As we discussed what it takes to revive a stalled yoga practice, she said, you know, I need this work with you to get restarted for 2010, but I’m so grateful that I actually do know how to quiet my mind. She went on to say:
I wasn’t sure I ever believed that you could just turn your mind off, but then, after practicing for these years, I’ve figured out that, yes, you can. It just takes practice.
She stated this fact so simply, without any drama, discomfort or complaint. She said it better than any teacher I’ve ever had, in fact: You can still your mind without any real issue — you just have to keep at it. It isn’t a drive-through experience, and it cannot happen while you are moving, unless you have figured out how to meditate while you are actually still, sitting, for a little while. Then you can be anywhere — walking, in conversation or relationship with someone, in a fast-paced vinyasa class — and you can observe whatever is happening at that moment and be still in your heart with it.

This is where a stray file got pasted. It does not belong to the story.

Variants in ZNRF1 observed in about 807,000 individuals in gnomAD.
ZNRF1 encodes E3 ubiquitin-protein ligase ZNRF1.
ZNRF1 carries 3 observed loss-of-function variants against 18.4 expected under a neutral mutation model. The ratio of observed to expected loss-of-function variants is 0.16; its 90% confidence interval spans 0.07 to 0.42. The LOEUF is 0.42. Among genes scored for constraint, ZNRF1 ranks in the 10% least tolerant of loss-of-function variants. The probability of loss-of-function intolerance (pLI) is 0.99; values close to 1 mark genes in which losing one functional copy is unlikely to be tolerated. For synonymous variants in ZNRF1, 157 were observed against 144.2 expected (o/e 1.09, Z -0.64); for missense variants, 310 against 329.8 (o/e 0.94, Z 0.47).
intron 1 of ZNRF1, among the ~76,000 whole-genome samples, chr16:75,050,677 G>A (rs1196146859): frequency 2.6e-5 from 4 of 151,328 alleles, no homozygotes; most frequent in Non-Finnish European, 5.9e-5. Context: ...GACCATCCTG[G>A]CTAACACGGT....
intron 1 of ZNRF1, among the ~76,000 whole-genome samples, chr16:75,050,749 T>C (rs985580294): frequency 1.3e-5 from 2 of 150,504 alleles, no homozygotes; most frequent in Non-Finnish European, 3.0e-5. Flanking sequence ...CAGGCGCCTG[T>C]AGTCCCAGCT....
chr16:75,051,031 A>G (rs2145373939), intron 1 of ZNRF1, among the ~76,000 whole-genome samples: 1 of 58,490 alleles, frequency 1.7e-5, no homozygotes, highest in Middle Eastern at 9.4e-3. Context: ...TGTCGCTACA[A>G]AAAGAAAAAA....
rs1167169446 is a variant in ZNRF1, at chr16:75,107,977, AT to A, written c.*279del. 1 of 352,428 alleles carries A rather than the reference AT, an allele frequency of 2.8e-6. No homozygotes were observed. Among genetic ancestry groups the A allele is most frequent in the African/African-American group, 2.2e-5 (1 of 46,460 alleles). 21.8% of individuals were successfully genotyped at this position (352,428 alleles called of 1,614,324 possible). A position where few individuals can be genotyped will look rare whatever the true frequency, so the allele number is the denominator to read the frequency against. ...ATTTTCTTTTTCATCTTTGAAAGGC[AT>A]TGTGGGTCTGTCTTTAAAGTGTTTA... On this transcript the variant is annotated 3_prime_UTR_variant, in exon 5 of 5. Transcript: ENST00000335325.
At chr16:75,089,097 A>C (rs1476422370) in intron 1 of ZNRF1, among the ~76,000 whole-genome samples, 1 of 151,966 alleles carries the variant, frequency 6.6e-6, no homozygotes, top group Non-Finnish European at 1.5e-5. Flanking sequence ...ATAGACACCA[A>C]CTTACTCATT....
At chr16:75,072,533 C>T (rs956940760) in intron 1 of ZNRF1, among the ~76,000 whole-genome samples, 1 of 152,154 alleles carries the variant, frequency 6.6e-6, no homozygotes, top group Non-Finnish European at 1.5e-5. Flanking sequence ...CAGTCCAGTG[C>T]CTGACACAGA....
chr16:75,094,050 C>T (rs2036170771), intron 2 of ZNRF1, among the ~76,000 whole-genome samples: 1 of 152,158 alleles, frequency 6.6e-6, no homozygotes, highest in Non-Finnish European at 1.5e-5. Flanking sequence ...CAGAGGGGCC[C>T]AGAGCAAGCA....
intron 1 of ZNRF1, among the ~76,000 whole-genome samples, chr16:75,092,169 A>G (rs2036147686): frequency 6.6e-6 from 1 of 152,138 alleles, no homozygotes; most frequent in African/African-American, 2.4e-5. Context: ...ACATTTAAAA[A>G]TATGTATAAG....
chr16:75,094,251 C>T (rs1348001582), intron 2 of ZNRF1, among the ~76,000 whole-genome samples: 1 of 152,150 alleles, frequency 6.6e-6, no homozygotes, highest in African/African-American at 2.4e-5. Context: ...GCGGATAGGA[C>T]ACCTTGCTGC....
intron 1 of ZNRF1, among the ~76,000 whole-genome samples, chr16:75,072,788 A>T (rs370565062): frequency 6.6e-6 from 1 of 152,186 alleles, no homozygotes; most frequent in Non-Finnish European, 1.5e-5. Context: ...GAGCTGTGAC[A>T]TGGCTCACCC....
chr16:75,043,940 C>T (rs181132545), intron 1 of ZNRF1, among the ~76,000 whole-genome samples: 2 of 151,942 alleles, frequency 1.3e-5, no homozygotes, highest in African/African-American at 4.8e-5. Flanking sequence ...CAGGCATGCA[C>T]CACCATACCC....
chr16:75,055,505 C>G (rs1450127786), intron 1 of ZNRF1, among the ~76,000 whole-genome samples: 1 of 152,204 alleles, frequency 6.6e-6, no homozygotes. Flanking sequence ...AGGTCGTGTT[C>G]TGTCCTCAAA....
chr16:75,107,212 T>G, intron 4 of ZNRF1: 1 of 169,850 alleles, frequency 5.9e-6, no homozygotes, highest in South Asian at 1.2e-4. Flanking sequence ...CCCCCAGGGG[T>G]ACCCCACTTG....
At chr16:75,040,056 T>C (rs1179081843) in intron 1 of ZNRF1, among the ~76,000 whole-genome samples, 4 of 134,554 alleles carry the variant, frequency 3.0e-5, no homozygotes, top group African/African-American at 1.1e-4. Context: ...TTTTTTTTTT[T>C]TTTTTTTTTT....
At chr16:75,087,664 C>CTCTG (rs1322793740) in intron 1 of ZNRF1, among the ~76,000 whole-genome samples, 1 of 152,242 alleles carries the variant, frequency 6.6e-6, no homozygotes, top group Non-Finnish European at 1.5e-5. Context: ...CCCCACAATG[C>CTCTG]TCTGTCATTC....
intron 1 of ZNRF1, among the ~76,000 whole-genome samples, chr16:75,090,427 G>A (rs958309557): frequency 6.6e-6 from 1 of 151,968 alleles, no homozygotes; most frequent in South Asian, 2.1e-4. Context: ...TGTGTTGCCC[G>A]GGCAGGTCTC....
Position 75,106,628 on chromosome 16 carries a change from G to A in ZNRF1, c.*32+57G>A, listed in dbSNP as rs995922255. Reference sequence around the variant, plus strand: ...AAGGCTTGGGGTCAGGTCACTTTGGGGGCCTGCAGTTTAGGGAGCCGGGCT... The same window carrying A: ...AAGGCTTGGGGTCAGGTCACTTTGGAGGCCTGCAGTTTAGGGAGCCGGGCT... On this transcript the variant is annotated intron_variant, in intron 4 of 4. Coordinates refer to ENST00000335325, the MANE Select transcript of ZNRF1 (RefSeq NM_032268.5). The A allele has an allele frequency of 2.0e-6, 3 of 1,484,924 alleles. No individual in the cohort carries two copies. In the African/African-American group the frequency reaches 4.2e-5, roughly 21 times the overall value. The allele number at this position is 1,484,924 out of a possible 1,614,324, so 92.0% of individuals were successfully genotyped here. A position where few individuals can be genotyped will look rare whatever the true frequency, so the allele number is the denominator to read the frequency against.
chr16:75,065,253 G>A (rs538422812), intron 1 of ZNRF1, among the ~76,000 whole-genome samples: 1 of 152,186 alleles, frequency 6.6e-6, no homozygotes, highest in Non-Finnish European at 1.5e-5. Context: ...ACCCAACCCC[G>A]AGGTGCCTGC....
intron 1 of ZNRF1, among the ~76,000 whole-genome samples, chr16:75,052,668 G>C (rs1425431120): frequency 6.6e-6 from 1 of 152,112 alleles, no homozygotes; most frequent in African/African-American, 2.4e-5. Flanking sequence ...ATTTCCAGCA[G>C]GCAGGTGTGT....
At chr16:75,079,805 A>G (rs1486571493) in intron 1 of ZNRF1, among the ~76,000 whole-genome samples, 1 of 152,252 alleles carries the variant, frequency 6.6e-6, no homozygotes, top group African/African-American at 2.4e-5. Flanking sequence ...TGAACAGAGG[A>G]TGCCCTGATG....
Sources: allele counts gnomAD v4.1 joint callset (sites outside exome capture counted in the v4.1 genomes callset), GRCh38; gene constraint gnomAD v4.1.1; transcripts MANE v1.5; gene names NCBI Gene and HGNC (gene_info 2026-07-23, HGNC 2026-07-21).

Yoga teaches that the heart is the true mind. I believe that my client was talking about being at peace when she talked about “turning off” her mind. This was a powerful teaching for me, and I am grateful to share it here.
I wish you a still and peaceful 2010, filled with practice and gratitude.
ooh i’m so tired!
This is one of the things I hear during the Fall a lot. More so than Winter, even though during those colder months there is less light to go around.
This makes me think of yoga. I can say without a doubt that at 37, I feel younger and more alive than I did at 23 — then I was busy working on Wall Street, running to the gym, and then running home to go out, or to go home and hang out in front of the TV. I felt exhausted all the time, and even training for a marathon didn’t seem to help.